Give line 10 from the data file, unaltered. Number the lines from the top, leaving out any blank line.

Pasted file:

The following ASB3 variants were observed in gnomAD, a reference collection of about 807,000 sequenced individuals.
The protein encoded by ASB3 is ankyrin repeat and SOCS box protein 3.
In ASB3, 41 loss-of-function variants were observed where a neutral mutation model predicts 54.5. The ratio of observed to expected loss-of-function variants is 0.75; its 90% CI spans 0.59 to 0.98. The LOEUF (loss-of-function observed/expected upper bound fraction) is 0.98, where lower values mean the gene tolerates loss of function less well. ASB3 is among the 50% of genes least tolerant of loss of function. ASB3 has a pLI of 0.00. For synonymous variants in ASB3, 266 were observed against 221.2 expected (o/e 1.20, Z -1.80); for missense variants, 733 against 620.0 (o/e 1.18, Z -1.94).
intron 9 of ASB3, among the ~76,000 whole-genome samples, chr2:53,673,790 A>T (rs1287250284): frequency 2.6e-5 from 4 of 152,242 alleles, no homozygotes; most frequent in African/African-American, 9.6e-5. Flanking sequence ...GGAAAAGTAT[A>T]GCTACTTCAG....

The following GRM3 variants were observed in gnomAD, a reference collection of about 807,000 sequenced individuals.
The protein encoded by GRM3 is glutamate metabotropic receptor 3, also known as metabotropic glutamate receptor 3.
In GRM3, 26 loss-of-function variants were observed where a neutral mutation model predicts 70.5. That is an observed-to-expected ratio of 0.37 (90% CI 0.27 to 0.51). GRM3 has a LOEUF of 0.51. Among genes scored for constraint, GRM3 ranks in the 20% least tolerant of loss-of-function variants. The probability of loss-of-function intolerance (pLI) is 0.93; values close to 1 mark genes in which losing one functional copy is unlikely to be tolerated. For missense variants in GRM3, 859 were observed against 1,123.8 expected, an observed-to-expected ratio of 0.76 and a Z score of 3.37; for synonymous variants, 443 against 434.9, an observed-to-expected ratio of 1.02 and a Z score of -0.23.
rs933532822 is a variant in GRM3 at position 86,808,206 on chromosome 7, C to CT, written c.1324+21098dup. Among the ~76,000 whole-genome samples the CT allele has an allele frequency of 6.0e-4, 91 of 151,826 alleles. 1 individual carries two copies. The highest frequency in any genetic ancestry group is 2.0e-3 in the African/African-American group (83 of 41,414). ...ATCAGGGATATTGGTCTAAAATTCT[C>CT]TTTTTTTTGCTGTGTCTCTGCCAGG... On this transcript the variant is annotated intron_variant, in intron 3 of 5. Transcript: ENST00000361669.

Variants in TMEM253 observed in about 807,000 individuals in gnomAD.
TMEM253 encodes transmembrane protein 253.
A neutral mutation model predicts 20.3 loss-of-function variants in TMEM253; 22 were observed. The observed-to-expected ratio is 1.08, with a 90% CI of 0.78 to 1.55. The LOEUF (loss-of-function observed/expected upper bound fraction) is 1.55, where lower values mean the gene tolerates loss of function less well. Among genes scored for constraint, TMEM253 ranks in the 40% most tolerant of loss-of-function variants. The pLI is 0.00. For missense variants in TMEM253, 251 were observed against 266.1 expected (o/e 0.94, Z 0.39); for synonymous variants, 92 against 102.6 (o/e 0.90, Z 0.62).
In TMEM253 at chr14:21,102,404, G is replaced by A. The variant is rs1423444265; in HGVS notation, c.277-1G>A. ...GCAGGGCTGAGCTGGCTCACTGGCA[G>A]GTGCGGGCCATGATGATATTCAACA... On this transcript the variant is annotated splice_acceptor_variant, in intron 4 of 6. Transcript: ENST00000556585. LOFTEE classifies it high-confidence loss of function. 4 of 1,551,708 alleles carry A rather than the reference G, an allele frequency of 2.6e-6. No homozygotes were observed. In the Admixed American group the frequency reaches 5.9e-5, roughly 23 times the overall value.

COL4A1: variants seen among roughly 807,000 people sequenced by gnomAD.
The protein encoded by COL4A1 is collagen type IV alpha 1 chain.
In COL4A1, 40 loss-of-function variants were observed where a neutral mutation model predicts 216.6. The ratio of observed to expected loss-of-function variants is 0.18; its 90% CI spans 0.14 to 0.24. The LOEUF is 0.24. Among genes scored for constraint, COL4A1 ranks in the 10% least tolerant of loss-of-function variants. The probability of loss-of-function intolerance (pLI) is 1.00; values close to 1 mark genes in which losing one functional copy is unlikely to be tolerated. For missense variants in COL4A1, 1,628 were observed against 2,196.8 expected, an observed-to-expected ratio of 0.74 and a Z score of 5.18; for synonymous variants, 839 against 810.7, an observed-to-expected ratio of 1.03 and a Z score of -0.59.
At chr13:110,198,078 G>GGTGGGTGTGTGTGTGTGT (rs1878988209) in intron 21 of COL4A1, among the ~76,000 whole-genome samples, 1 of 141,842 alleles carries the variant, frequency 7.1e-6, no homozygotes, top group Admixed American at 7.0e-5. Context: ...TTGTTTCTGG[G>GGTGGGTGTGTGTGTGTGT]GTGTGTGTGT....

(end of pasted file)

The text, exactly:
TMEM253 encodes transmembrane protein 253.